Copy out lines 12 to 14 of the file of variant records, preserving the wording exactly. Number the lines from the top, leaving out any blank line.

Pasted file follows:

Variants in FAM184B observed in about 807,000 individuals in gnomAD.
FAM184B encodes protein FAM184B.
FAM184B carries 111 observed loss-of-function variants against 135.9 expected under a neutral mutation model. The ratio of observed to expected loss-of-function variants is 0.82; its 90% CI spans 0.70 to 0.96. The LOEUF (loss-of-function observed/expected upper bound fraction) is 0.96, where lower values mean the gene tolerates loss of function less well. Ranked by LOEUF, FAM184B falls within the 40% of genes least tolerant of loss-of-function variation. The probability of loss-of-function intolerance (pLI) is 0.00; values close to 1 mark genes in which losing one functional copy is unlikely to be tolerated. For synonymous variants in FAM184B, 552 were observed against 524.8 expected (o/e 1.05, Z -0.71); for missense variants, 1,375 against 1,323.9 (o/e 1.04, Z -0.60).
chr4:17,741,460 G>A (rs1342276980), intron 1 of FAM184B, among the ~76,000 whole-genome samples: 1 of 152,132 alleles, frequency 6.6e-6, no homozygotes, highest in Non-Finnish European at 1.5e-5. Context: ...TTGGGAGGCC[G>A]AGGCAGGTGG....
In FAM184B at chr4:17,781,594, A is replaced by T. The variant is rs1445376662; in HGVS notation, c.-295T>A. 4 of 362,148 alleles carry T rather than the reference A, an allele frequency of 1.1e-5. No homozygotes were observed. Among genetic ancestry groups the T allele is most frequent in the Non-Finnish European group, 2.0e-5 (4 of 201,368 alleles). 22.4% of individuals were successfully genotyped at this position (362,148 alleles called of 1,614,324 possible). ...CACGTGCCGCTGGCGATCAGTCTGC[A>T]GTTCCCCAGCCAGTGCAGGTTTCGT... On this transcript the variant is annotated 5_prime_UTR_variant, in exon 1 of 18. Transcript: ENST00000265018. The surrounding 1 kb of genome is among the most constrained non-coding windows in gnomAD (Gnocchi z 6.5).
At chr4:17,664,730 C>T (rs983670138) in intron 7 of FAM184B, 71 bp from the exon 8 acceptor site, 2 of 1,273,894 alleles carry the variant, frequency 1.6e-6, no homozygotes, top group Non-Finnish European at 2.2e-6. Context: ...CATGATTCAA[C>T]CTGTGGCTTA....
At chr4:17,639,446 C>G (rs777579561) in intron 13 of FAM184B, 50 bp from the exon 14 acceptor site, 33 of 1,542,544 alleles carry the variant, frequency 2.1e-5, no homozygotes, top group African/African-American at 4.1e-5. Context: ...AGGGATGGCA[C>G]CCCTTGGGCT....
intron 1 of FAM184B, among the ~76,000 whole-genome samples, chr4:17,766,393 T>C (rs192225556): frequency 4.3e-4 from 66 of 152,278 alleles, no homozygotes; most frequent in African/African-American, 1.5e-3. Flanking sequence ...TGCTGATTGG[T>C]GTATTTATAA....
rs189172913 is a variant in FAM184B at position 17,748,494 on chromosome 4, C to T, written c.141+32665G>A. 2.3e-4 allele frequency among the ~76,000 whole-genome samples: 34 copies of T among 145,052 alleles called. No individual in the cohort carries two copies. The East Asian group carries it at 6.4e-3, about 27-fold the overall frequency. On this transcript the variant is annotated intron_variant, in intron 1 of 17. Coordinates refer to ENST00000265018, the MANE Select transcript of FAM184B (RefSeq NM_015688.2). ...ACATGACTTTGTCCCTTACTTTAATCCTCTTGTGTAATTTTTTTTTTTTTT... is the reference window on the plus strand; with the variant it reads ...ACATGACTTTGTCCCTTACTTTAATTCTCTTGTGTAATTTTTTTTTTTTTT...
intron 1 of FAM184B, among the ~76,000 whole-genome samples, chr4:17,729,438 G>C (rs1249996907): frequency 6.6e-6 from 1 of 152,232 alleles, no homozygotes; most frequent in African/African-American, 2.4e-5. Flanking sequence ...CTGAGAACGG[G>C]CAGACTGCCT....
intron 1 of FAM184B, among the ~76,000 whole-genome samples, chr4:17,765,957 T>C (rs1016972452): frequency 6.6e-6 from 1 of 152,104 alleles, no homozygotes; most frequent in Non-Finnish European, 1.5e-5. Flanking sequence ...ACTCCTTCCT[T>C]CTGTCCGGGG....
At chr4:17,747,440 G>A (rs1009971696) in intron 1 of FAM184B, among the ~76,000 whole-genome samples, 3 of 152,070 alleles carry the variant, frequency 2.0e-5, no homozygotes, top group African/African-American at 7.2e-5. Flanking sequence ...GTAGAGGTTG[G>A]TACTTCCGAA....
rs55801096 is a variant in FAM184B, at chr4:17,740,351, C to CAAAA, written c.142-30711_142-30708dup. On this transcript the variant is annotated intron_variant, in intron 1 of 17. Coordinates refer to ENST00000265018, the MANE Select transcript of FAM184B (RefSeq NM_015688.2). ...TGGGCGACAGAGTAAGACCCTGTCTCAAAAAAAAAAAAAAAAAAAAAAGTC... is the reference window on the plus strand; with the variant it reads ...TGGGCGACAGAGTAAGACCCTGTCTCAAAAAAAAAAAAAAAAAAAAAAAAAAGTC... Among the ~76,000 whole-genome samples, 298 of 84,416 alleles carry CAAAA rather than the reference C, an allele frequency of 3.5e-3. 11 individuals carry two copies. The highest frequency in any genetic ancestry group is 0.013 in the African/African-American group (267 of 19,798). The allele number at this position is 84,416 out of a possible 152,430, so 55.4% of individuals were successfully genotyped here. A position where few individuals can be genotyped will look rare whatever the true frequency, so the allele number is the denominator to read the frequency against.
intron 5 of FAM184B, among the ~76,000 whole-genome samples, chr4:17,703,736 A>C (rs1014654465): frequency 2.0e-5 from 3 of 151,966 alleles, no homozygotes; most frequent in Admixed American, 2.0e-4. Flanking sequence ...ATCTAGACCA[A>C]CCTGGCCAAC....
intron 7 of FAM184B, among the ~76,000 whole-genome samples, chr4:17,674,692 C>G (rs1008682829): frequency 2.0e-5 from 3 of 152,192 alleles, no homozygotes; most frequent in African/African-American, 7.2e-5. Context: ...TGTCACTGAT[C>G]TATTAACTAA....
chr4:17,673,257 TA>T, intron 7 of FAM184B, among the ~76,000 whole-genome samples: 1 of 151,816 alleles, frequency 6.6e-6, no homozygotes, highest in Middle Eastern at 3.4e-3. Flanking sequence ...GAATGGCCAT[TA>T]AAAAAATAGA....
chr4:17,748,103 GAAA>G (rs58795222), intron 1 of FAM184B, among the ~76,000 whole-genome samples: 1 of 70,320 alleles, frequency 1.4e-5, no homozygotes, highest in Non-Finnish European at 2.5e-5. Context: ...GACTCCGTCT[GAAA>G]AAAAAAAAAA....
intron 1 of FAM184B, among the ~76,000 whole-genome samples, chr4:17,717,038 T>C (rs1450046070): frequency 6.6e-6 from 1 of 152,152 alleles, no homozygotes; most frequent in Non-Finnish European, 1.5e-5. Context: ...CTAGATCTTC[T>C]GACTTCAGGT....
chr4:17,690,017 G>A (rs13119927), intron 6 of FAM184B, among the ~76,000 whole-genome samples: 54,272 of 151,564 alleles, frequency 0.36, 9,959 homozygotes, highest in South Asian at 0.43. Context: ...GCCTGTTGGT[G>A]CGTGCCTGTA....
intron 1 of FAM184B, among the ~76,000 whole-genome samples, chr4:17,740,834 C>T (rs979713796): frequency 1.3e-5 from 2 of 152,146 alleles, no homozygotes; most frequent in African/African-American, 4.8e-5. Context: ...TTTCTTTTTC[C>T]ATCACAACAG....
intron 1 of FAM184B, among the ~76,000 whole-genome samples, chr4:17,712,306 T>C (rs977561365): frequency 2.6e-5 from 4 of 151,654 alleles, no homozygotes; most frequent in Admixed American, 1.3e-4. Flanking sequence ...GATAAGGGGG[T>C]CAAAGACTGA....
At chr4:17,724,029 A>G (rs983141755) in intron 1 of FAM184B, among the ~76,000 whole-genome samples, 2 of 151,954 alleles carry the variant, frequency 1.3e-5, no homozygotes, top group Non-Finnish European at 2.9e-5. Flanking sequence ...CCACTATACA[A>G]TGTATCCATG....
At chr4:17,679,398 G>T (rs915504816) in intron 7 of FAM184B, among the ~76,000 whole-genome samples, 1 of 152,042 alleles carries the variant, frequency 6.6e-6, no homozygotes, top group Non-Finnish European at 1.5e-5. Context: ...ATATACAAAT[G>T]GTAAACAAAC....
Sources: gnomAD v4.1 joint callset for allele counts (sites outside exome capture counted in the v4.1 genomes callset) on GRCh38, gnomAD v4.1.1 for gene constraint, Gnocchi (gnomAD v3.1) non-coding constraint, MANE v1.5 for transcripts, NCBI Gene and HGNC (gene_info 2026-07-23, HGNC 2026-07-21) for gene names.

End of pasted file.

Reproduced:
At chr4:17,747,440 G>A (rs1009971696) in intron 1 of FAM184B, among the ~76,000 whole-genome samples, 3 of 152,070 alleles carry the variant, frequency 2.0e-5, no homozygotes, top group African/African-American at 7.2e-5. Flanking sequence ...GTAGAGGTTG[G>A]TACTTCCGAA....
rs55801096 is a variant in FAM184B, at chr4:17,740,351, C to CAAAA, written c.142-30711_142-30708dup. On this transcript the variant is annotated intron_variant, in intron 1 of 17. Coordinates refer to ENST00000265018, the MANE Select transcript of FAM184B (RefSeq NM_015688.2). ...TGGGCGACAGAGTAAGACCCTGTCTCAAAAAAAAAAAAAAAAAAAAAAGTC... is the reference window on the plus strand; with the variant it reads ...TGGGCGACAGAGTAAGACCCTGTCTCAAAAAAAAAAAAAAAAAAAAAAAAAAGTC... Among the ~76,000 whole-genome samples, 298 of 84,416 alleles carry CAAAA rather than the reference C, an allele frequency of 3.5e-3. 11 individuals carry two copies. The highest frequency in any genetic ancestry group is 0.013 in the African/African-American group (267 of 19,798). The allele number at this position is 84,416 out of a possible 152,430, so 55.4% of individuals were successfully genotyped here. A position where few individuals can be genotyped will look rare whatever the true frequency, so the allele number is the denominator to read the frequency against.
intron 5 of FAM184B, among the ~76,000 whole-genome samples, chr4:17,703,736 A>C (rs1014654465): frequency 2.0e-5 from 3 of 151,966 alleles, no homozygotes; most frequent in Admixed American, 2.0e-4. Flanking sequence ...ATCTAGACCA[A>C]CCTGGCCAAC....